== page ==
Post-traumatic stress disorder and risk of dementia among members of a health care delivery system

Jason D. Flatt, Paola Gilsanz, Charles P. Quesenberry, Kathleen B. Albers, Rachel Whitmer

Research output: Contribution to journalArticlepeer-review

42 Scopus citations


Introduction Post-traumatic stress disorder (PTSD) is associated with an increased risk of dementia in male veterans, but little is known in females and civilians. Methods PTSD and comorbidities were abstracted from medical records from 1/1/1996 to 12/31/2001. Dementia incidence from 1/1/2002 to 12/31/2014 in 499,844 health care members aged 60+ years over an average of 8.2 years. Cox proportional hazard models were adjusted for age, demographics, and comorbidities. Results PTSD was associated with increased risk of dementia over an average of 8 years of follow-up (females: hazard ratio [HR] = 1.59, 95% confidence interval [CI] = 1.30–1.95; males: HR = 1.96, 95% CI = 1.51–2.55). There was a two-fold risk of dementia in those with both PTSD and depression (females: HR = 2.08; 95% CI = 1.66–2.59; males: HR = 2.06; 95% CI = 1.47–2.91) versus those without. Discussion PTSD was a risk factor for dementia in both sexes, with a heightened risk in those with comorbid depression.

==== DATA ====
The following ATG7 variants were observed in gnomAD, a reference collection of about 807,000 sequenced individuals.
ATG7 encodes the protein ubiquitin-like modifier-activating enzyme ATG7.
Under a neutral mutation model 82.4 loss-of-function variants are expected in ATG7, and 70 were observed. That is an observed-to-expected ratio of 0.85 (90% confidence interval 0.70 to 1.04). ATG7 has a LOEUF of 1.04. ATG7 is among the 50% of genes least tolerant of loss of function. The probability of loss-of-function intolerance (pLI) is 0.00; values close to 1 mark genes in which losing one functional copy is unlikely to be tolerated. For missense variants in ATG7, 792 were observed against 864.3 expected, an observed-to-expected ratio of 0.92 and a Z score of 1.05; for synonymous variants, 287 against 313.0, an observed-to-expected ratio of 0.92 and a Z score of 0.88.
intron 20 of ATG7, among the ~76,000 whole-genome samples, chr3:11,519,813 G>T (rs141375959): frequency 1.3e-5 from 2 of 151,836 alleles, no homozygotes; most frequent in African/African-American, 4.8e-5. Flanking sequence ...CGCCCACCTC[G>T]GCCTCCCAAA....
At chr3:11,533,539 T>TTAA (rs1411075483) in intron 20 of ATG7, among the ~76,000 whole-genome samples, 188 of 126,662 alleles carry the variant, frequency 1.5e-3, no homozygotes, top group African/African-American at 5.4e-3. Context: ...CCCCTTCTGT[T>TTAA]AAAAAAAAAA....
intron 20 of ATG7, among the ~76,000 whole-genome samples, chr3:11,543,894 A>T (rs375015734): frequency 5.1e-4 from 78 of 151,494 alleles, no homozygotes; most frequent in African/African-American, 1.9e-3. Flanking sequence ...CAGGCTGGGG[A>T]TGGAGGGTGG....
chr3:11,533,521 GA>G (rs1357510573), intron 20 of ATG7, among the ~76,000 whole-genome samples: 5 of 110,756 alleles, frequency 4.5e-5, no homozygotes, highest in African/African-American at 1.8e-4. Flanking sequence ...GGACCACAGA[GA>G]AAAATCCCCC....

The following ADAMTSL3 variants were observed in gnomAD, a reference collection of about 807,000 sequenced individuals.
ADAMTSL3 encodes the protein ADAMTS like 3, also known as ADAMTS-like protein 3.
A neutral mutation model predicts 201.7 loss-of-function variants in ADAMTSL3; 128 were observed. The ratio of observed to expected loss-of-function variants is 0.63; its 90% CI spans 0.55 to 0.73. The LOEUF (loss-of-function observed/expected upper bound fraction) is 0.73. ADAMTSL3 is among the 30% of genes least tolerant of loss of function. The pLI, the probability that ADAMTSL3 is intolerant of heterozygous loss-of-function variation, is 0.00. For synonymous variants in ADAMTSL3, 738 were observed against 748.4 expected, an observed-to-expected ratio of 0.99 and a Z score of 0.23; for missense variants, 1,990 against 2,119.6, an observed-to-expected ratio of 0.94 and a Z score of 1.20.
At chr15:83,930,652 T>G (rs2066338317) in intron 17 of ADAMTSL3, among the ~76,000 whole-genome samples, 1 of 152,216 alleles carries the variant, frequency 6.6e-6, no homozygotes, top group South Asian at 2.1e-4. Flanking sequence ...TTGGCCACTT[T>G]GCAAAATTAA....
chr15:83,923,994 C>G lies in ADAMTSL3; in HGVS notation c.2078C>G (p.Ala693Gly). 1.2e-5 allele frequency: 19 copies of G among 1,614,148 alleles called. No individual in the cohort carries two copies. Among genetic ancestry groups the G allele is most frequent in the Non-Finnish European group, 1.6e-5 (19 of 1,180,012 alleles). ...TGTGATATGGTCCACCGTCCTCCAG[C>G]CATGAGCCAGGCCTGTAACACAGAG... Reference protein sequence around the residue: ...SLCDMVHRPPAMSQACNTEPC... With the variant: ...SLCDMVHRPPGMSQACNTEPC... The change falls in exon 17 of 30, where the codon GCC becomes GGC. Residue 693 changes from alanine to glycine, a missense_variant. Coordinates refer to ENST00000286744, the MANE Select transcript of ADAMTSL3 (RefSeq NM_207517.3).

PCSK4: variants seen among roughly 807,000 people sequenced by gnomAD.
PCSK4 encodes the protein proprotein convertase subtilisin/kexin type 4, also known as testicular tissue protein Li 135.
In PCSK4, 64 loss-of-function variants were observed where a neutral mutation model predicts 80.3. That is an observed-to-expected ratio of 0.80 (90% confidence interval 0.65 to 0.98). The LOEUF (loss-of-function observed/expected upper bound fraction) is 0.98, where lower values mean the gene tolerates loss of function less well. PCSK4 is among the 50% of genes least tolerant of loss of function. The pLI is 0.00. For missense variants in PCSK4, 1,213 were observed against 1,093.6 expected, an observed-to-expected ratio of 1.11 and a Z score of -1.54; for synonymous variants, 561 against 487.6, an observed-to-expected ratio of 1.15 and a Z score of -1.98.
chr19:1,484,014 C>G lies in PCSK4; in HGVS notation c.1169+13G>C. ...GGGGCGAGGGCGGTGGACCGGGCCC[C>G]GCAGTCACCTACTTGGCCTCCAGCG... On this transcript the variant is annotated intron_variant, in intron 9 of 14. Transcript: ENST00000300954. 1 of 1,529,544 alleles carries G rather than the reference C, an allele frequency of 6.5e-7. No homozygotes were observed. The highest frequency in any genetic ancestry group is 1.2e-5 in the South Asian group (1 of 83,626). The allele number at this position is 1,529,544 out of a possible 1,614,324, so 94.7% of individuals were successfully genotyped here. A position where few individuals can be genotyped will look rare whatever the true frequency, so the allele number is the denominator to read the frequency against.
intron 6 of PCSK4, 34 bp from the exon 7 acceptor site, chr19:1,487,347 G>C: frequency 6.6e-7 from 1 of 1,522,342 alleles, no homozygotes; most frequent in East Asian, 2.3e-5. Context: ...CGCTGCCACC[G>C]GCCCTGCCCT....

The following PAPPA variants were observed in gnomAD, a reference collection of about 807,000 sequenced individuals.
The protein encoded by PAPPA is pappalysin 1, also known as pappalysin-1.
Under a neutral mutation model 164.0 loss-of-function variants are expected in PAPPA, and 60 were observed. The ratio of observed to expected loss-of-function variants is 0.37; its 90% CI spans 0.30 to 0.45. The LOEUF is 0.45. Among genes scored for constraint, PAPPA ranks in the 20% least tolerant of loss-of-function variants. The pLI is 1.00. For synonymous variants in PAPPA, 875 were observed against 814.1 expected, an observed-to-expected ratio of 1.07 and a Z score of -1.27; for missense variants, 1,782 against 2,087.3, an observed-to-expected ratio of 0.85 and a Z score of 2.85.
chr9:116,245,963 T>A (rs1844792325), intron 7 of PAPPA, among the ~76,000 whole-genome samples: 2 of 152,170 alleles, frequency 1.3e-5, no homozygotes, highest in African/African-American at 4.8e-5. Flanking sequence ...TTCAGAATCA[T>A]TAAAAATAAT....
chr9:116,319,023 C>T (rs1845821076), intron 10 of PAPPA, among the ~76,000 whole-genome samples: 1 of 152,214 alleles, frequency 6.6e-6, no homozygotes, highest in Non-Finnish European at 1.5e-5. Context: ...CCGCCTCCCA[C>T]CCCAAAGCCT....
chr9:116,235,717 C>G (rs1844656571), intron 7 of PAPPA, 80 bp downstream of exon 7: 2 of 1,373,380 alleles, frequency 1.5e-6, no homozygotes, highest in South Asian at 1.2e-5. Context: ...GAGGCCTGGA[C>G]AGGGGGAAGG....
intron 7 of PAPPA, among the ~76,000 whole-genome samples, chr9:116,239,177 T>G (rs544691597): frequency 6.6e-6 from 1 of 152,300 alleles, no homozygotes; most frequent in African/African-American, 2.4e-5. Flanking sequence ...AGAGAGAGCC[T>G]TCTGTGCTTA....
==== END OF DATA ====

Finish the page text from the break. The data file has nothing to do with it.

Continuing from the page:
Original languageEnglish (US)
Pages (from-to)28-34
Number of pages7
JournalAlzheimer's and Dementia
Issue number1
StatePublished - Jan 1 2018
Externally publishedYes


  • Alzheimer's disease
  • Dementia
  • Post-traumatic stress disorder
  • PTSD
  • Sex differences

ASJC Scopus subject areas

  • Epidemiology
  • Health Policy
  • Developmental Neuroscience
  • Clinical Neurology
  • Geriatrics and Gerontology
  • Cellular and Molecular Neuroscience
  • Psychiatry and Mental health


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